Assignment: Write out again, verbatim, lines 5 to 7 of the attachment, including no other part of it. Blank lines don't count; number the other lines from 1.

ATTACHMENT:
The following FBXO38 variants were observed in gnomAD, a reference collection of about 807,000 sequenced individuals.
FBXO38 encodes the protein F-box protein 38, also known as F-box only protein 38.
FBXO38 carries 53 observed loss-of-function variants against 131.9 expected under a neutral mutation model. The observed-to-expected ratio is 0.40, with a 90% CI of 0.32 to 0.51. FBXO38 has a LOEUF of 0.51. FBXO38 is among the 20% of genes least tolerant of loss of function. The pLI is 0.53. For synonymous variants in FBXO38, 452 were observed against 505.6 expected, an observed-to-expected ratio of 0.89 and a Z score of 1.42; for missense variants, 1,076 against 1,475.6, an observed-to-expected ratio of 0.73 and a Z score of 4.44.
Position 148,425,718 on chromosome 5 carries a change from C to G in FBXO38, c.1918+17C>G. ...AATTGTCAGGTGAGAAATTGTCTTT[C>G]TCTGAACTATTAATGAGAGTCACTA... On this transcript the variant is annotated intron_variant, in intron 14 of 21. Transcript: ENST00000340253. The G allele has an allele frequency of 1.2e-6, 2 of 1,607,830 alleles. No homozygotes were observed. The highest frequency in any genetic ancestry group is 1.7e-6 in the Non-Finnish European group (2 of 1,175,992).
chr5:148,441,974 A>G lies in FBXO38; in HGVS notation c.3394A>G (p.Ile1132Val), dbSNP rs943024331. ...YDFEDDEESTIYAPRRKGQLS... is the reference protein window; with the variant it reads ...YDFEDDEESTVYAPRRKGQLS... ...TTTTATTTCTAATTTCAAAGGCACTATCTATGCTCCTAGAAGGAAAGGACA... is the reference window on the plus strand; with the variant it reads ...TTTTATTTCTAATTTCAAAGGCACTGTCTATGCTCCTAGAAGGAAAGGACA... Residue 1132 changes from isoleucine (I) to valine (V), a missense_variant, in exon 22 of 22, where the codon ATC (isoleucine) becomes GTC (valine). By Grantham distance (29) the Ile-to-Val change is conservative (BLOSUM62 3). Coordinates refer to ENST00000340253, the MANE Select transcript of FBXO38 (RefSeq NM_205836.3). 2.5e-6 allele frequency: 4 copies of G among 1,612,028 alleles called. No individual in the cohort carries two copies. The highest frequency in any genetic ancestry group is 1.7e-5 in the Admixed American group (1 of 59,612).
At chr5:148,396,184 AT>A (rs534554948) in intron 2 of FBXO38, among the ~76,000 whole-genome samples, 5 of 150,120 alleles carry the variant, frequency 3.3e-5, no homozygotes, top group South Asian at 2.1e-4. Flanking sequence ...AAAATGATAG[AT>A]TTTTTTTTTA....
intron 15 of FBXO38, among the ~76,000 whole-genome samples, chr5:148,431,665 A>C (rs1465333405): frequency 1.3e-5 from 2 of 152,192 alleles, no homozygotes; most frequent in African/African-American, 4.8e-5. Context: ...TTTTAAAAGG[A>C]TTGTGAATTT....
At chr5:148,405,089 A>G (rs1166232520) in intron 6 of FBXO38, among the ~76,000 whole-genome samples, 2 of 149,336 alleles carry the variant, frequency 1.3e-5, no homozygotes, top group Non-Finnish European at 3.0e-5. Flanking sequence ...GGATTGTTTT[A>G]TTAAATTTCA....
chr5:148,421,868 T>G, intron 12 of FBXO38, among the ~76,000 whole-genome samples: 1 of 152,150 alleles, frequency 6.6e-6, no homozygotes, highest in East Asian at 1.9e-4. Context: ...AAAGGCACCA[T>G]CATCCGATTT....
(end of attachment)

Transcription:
chr5:148,441,974 A>G lies in FBXO38; in HGVS notation c.3394A>G (p.Ile1132Val), dbSNP rs943024331. ...YDFEDDEESTIYAPRRKGQLS... is the reference protein window; with the variant it reads ...YDFEDDEESTVYAPRRKGQLS... ...TTTTATTTCTAATTTCAAAGGCACTATCTATGCTCCTAGAAGGAAAGGACA... is the reference window on the plus strand; with the variant it reads ...TTTTATTTCTAATTTCAAAGGCACTGTCTATGCTCCTAGAAGGAAAGGACA... Residue 1132 changes from isoleucine (I) to valine (V), a missense_variant, in exon 22 of 22, where the codon ATC (isoleucine) becomes GTC (valine). By Grantham distance (29) the Ile-to-Val change is conservative (BLOSUM62 3). Coordinates refer to ENST00000340253, the MANE Select transcript of FBXO38 (RefSeq NM_205836.3). 2.5e-6 allele frequency: 4 copies of G among 1,612,028 alleles called. No individual in the cohort carries two copies. The highest frequency in any genetic ancestry group is 1.7e-5 in the Admixed American group (1 of 59,612).
At chr5:148,396,184 AT>A (rs534554948) in intron 2 of FBXO38, among the ~76,000 whole-genome samples, 5 of 150,120 alleles carry the variant, frequency 3.3e-5, no homozygotes, top group South Asian at 2.1e-4. Flanking sequence ...AAAATGATAG[AT>A]TTTTTTTTTA....
intron 15 of FBXO38, among the ~76,000 whole-genome samples, chr5:148,431,665 A>C (rs1465333405): frequency 1.3e-5 from 2 of 152,192 alleles, no homozygotes; most frequent in African/African-American, 4.8e-5. Context: ...TTTTAAAAGG[A>C]TTGTGAATTT....